Iowa Tribe of Oklahoma Claims August 1st Real-Money Online Poker Launch
More interesting developments in the latest edition of a US-based tribal nation attempting to assert that sovereign gaming right extend to the online world. The Iowa Tribe of Oklahoma has forged ahead following a favorable arbitration ruling last week and now lists a launch date of August 1st, 2016 for its planned real-money online poker at PokerTribe.org.
How PokerTribe.org came to this juncture involves a separate winding tale, courtesy of a second Oklahoma tribe (the Cheyenne and Arapahoe Tribes) and a slightly-altered domain name (from pokertribes.org, the online site first floated by erstwhile gaming developer, Florida-based Universal Entertainment Group. But for this update, it’s more about the latest legal and promotional developments, plus a look at whether this site really has a chance of getting off the ground.
First, the recent ruling. Following meetings between the Iowa nation’s leaders, Oklahoma state gaming officials, and court-ordered arbitrator Charles Chapel, presiding judge David Russell announced his plans to issue a ruling last Friday, April 15th. That the ruling would go in favor of the Iowas and their asserted right to launch Internet-based online gaming was clear after arbitrator Chapel asserted that an online site run by the Iowas would not violate the existing gambling compact between the tribe and the state.
Wrote Chapel, as part of his findings, “The use of the Internet is merely using technology to play covered games as a way to increase tribal revenues. It does not extend or restrict the scope of the games and does not amend the compact in any way. The compact and all its terms shall remain in force.”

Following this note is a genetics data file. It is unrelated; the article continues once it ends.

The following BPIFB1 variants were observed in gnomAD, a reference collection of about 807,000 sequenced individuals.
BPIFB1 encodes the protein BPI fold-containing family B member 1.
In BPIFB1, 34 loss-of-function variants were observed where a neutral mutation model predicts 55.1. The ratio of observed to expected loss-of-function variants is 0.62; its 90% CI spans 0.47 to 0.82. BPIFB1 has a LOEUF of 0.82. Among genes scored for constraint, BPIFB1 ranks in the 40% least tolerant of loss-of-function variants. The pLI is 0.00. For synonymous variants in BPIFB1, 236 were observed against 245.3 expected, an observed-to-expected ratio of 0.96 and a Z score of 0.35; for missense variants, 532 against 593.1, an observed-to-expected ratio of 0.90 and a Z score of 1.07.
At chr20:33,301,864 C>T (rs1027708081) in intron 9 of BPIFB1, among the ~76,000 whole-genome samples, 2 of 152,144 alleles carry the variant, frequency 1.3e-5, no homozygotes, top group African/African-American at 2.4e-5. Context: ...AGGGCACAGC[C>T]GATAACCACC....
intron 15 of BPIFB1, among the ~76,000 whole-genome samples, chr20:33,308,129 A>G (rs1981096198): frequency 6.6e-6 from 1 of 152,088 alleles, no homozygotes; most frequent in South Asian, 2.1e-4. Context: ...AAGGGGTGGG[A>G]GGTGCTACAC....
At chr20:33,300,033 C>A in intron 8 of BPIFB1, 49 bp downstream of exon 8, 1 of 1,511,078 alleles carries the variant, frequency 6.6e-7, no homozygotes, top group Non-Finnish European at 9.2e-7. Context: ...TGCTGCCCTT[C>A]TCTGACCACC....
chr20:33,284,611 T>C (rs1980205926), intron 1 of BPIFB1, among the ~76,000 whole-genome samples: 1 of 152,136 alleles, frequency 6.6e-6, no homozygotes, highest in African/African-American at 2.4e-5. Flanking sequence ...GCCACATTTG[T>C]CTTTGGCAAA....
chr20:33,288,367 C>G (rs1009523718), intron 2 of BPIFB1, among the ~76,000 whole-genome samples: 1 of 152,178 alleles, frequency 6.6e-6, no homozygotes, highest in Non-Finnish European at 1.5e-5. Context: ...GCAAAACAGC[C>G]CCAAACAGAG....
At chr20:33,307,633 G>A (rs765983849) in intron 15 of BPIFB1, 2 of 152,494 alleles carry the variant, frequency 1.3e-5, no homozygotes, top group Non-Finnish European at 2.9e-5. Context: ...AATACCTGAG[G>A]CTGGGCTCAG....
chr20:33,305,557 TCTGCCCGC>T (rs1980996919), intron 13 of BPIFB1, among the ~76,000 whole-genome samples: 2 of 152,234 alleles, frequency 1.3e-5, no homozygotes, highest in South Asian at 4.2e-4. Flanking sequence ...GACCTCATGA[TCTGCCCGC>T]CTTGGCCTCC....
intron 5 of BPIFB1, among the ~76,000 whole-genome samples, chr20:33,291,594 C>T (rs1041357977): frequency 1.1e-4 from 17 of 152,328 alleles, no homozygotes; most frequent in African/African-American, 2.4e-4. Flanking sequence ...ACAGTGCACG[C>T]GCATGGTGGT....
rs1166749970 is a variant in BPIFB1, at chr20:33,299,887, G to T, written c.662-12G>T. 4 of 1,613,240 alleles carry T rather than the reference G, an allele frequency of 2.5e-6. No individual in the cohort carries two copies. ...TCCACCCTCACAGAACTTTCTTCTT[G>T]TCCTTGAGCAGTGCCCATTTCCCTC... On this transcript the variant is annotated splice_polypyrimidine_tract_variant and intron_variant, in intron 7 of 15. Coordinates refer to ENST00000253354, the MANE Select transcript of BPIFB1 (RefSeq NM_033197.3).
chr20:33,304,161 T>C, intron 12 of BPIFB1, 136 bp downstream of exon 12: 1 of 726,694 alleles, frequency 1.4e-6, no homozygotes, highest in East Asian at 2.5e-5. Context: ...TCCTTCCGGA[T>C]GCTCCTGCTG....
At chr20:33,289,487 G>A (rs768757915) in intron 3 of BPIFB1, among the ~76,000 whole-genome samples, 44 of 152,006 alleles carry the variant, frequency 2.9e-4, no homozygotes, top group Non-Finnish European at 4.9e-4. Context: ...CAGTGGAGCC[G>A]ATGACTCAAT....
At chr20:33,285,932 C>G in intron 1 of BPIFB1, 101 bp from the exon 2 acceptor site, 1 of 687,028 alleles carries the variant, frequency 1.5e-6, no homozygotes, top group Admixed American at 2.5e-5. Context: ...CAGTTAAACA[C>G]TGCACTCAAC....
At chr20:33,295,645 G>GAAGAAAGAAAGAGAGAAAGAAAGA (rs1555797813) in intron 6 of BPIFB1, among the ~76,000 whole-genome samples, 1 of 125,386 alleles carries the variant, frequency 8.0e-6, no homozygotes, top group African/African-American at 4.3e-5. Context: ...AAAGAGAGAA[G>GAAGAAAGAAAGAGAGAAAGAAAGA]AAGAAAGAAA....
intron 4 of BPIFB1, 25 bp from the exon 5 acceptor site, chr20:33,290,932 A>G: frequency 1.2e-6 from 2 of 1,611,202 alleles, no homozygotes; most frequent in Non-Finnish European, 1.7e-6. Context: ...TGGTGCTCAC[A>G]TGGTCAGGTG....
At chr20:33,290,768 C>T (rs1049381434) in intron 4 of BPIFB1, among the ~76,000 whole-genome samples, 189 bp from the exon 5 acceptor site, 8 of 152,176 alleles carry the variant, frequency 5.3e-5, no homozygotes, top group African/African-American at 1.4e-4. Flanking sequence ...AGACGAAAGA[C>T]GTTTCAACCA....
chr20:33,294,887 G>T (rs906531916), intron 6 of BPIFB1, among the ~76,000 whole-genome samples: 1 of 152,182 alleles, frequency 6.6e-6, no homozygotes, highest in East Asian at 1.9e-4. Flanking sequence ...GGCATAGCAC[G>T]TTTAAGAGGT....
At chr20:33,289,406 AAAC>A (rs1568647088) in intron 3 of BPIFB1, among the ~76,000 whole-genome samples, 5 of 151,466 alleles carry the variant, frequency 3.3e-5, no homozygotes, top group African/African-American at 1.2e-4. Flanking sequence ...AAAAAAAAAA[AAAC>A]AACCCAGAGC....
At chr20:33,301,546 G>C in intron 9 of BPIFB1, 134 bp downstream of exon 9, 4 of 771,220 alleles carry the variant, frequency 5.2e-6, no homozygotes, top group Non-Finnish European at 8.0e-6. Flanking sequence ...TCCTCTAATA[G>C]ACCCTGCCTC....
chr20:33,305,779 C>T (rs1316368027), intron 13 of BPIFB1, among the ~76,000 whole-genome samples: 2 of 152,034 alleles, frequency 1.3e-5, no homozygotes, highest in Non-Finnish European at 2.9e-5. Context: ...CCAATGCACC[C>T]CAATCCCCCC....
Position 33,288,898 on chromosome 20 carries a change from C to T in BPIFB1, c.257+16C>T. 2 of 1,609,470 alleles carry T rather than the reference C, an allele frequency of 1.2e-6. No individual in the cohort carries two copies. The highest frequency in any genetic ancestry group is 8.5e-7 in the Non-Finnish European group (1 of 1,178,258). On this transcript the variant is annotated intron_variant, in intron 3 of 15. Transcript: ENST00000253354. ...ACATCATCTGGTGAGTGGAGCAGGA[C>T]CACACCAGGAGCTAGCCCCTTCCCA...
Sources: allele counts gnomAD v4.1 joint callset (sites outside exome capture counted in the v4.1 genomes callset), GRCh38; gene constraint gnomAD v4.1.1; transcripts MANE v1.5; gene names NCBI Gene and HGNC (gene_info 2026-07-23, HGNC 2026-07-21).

The Iowas and UEG wasted no time following the issuance of the ruling by Russell to name several launch dates at PokerTribe.org. First up, theoretically, is a play-money offering, set to debut on May 17th. Then it’s the live date for the real-money online poker, tabbed as August 1st as mentioned above.
Stage three — assuming there aren’t some interesting roadblocks to the grand plan before then — is the launch of the “Iowa Tribe’s International In-flight Real Money Play Online Casino.” That’s slated for January 9th, 2017.
There are a lot of hurdles in the way of this potential offering, some legal and others practical. First, the site will be available only to non-US-based players for the foreseeable future. And that brings its own caveats: The Iowas will be able to offer gaming to players outside Oklahoma and where it is already legal to play. In the US, that’s only three states — New Jersey, Nevada, and Delaware. Yet each of those states licenses intrastate (within that state) online gaming only, with the hardware and software needed to run the show necessarily being housed within those states.
Shake it all out, and the answer is this: No US players.
Let’s consider the international possibilities, then. Suppose PokerTribe.org does go live with a real-money offering in August. Exactly who is going to rush to play on a site that looks like this or this? That second site is the play-money offering of site developer UEG as it exists today at uegpoker.com.
Given that level of graphical inexpertise, it’s hard to envision this is a quality operation, albeit with the traditional disclaimer that looks can, indeed, be deceiving.
Yet that’s never been the big issue. And despite the Iowas winning that favorable ruling last week, the real issue here hasn’t changed. The site will be able to be marketed only to international jurisdictions where online poker, etc., is already legal. However, the residents of all those international locales already have access to dozens of much larger, well-proven sites that are happy to provide the service.
There’s simply no reason for Sven from Uppsala or Tony from Liverpool to bother playing on what’s all but certain to be a sparsely-populated, low-stakes site. Even assuming the Iowas opened up their site by creating some sort of ultra-generous deposit bonus, there’s just no meat on this bone. In Europe, the most established, regulated space, even the established operators have been forced to fine-tune their operations and focus on winning market segments. The odds are infinitesimally against this Iowa/UEG project being able to capture a worthwhile share of these already-legal markets.
Winning a legal decision is miles apart from making a sound business decision. That’s a lesson that the Iowas and UEG are poised to find out the hard way.